"Firoozeh Kashani-Sabet and Beth S. Wenger are to be congratulated for assembling a compelling collection that illuminates a wide range of issues around gender in Judaism and Islam drawn from discussions of Muslim and Jewish law to analyses of contemporary feminism to crimes of passion and 'honor killings' in the modern Arab world. Written by eminent scholars in accessible prose, these powerful pieces carry us beyond stereotypes and politics toward mutual understanding and shared knowledge."
—Deborah Dash Moore, Frederick G.L. Huetwell Professor of History, University of Michigan
"A long overdue volume exploring commonalities and differences among Jewish and Muslim women along with gendered aspects of their religious and cultural experiences. Path breaking in its range and scope, with outstanding chapters by leading historians in the field, this work puts Islamic and Jewish Studies into a rich dialogue. By emphasizing shared histories and intersecting paths, it delivers on its promises, opening new vistas for understanding complexities in the lives of Muslims and Jews, past and present."
—Beth Baron, Director, Middle East and Middle Eastern American Center, CUNY
“While this collection of essays is most useful for those with some background on the topics, it will also appeal to scholars hoping to expand their knowledge on many different aspects of Judaism and Islam. The essays do a great job of bridging ideas of the past with those of the present, making this volume valuable for scholars of history and current cultural trends as well as for researchers in anthropology, sociology women’s health, media studies, Middle East studies, legal studies, literary studies, and more.”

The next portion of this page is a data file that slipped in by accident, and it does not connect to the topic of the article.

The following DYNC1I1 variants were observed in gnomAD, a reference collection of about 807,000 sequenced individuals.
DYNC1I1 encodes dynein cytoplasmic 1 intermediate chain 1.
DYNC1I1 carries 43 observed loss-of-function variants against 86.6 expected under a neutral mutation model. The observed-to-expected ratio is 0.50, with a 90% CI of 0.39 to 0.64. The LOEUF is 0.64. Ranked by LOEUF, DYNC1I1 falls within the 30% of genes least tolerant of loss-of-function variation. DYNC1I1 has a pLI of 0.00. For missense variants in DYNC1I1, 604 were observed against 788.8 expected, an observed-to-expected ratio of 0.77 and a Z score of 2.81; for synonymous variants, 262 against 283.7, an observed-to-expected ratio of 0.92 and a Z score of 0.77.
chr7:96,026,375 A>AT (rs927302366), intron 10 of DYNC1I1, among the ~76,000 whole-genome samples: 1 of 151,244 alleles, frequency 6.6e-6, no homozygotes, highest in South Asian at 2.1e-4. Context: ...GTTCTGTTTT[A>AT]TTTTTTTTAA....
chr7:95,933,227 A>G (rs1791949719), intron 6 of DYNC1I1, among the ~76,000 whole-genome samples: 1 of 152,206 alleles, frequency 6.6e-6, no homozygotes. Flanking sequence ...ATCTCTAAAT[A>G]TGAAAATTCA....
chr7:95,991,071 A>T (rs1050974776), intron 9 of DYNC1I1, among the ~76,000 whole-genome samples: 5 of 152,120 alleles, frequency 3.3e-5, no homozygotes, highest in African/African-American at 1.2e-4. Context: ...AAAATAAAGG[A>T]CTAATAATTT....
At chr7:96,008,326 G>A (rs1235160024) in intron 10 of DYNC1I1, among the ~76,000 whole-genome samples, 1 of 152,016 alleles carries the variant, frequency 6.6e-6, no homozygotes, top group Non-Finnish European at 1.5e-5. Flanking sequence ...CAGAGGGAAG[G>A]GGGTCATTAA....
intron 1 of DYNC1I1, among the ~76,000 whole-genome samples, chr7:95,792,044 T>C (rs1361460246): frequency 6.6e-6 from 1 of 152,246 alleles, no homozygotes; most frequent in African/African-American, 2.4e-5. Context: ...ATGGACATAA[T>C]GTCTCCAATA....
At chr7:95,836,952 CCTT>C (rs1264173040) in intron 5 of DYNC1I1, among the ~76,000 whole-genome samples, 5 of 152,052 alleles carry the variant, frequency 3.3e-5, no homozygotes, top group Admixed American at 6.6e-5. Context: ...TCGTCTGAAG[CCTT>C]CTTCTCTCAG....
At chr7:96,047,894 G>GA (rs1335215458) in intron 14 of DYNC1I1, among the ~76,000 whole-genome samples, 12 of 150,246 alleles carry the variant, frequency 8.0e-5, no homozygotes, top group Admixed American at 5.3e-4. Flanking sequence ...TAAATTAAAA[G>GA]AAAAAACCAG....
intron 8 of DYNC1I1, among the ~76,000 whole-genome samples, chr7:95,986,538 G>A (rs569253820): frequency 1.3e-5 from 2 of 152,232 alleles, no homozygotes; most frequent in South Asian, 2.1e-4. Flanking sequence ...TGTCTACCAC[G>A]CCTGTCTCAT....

“This volume is a solid beginning to a serious scholarly treatment of the topics surrounding gender in Judaism and Islam, It fills an important gap in the scholarship and promises to open the field to further critical studies. It addresses similarities and differences in women’s issues and experiences within Jewish and Islamic national, religious, and ethnic identities.”
“The book could be helpful for graduate students hoping to think theoretically about gender in religion and history. With its succinct and compelling introductions for each part as well as an afterword by Scott and a glossary, the book is also made highly useable for undergraduates or novices.”
—Religious Studies Review
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